People sometimes use the terms "nursing home" and "assisted living" interchangeably, but often inappropriately. Assisted living facilities generally require a certain level of functionality and independence for residency, as well as sufficient liquid financial assets to meet hefty monthly residency payments. If level of functionality and independence declines beyond a certain point, resident(s) may (depending on the facility) not be able to remain there at all, now requiring the more extensive services provided in a nursing home. Some (not all) assisted living facilities (and some nursing homes) have very separate "memory care" (Alzheimers / dementia) sections on site. Many (not sure if all) nursing homes (unlike assisted living facilities, which AFAIK are mostly "private pay") may have beds available for Medicaid eligibility.
Nursing home quality range and / or costs are just all over the map.

This is a complicated and difficult matter for you and your loved ones to tackle. Been there, done that --- some of the most stressful days of my life to date, by far.
Btw, some so-called "senior advice" entities are actually little more than commission based marketing and referral entities. I could name one in particular I came to particularly dislike, but won't --- I'm not looking for a lawsuit. Suffice it to say that some other family member, not just the elders themselves, should / must get directly and personally involved to help identify and separate objective, legitimately senior-helpful entities from commission-motivated (...ahem) "seniors advisors".

My advice would be to have the in-laws at least have an initial (likely free) consultation with an elder law attorney in the state of the elders' residency, preferably with other family members present for clarifications and clear retention of important information and details. At the very least, said consultation will hopefully address and clear up any existing misconceptions or incorrect assumptions. Elder law attorneys deal with these (sometimes complicated) matters routinely --- and exclusively.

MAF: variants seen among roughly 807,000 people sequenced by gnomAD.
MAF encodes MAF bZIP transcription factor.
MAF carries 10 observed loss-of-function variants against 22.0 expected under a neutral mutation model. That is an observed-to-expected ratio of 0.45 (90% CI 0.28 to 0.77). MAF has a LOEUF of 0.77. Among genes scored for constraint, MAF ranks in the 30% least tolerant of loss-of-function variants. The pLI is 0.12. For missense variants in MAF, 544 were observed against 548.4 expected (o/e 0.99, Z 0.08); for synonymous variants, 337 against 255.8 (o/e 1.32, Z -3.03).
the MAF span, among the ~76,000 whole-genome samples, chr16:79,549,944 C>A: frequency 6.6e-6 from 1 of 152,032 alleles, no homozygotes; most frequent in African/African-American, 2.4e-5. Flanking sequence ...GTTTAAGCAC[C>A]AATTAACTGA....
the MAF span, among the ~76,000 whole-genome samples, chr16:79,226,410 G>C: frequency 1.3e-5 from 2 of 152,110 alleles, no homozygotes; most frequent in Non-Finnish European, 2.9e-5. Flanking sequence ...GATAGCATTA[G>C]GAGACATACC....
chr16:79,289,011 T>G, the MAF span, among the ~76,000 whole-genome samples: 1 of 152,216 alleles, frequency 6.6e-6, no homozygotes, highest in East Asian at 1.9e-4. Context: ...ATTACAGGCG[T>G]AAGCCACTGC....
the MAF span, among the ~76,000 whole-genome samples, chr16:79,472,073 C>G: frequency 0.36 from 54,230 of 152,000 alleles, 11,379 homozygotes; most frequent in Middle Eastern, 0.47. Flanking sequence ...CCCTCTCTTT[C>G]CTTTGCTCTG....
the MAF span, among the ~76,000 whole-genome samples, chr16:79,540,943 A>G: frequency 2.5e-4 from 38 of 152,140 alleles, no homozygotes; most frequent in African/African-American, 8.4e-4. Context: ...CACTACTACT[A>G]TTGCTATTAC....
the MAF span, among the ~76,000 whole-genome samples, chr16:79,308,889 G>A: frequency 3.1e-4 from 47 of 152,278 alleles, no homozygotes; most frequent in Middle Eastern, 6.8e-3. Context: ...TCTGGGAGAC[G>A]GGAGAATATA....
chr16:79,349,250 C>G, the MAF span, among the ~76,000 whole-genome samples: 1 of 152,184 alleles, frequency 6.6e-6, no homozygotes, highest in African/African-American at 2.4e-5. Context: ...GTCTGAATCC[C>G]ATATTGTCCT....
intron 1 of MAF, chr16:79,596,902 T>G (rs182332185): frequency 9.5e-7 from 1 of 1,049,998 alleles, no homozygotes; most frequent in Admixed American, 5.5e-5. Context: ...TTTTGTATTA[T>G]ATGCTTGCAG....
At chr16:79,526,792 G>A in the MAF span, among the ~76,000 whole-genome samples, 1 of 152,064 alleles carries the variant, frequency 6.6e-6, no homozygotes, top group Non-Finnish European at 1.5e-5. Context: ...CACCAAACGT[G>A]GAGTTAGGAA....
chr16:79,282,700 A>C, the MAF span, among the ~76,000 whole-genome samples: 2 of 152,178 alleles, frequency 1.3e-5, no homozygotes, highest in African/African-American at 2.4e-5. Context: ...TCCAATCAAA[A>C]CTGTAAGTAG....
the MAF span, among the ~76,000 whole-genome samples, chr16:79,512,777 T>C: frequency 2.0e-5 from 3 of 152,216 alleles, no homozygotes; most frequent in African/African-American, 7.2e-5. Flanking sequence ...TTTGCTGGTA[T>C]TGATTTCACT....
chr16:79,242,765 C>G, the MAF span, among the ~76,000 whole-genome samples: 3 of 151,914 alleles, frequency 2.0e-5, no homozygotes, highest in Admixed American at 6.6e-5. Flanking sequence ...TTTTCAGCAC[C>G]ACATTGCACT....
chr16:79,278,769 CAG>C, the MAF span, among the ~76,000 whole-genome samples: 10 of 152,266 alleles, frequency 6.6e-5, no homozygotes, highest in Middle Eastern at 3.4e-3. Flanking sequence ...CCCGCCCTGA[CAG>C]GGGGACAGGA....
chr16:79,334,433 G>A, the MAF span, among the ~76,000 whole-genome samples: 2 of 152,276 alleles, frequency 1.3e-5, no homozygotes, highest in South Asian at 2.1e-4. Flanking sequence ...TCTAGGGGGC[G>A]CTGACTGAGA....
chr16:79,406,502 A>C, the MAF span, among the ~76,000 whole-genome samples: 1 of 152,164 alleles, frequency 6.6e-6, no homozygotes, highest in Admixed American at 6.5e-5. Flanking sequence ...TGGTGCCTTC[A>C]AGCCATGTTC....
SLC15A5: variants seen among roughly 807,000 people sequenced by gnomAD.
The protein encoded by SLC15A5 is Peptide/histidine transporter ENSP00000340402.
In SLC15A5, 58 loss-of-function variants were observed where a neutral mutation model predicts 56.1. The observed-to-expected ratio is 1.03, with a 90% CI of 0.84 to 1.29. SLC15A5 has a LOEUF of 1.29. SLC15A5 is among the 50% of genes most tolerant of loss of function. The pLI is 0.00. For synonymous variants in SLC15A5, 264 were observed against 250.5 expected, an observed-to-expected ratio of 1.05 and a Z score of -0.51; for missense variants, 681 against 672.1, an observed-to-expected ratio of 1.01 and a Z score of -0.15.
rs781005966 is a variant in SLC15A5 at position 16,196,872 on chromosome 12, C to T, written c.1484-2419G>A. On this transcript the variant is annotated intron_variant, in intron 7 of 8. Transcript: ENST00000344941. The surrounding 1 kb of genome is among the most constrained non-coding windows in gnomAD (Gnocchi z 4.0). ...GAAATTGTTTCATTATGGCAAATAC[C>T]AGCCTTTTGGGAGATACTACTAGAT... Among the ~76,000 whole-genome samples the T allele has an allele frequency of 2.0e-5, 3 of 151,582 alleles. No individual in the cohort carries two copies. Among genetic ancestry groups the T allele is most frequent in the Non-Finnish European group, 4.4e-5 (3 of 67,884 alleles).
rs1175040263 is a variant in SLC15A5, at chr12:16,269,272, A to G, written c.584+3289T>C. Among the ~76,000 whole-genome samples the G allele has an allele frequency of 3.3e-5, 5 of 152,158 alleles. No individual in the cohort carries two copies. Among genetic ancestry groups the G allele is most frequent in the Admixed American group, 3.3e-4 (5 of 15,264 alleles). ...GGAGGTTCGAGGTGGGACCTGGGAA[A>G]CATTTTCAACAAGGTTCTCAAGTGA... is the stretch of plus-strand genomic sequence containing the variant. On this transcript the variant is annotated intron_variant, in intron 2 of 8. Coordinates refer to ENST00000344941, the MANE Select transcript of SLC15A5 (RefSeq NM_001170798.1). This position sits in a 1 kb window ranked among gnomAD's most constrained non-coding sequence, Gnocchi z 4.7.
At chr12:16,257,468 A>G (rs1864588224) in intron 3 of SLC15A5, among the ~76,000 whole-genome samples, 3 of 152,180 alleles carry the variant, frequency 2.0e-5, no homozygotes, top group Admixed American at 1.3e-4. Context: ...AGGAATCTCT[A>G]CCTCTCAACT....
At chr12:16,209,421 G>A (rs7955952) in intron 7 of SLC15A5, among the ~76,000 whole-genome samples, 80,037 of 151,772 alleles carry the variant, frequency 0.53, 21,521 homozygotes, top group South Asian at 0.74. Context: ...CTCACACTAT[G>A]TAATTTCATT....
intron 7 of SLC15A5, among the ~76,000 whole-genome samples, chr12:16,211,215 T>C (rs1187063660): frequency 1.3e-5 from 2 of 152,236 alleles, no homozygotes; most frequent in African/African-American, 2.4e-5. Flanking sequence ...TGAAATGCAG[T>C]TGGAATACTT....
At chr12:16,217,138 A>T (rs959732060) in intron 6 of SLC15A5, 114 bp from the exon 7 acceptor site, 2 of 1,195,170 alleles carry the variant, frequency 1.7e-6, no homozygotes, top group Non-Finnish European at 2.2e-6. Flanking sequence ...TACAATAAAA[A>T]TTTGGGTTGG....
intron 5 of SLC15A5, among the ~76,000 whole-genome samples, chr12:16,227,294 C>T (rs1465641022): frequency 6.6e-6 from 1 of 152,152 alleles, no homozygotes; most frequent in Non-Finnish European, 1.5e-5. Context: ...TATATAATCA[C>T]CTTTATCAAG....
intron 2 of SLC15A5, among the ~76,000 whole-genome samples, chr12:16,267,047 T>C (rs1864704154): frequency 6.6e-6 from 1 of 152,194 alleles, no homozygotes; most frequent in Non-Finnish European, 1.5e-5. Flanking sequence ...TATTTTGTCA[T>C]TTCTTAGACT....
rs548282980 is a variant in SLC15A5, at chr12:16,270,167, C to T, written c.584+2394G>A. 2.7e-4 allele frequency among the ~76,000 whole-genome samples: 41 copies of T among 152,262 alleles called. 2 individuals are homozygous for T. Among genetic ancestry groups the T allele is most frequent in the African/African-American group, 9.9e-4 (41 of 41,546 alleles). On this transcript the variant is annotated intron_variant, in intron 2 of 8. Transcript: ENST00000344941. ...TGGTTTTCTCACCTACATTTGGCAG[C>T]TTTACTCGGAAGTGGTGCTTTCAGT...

I feel for you and wish you luck. It's not an easy road upon which to travel, but it's a part of life. In something of a role reversal, the former child sometimes must become the responsible parent to parent(s). Be grateful that the folks are still here for you to reciprocate and actively show love and gratitude in a meaningful way.
 
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ace2000

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It looks like it's time for a responsible family member to step in and research assisted living facilities either near where they live, or nearer where the family member can look in on them more conveniently.

Prices for these facilities are all over the map, and if they didn't buy long term care insurance, it will all be 'private pay'. There is no requirement for 'mom' to buy another house in order to fund care for 'Dad'. When the time came for me to take on the role of caregiver for my mom, I liquidated her assets- estate sale, house on the market and all that. It was hard, and didn't happen overnight, but as I explained it to her, she'd cared for her house and 'stuff' for decades, and now it was time for the house to take care of her.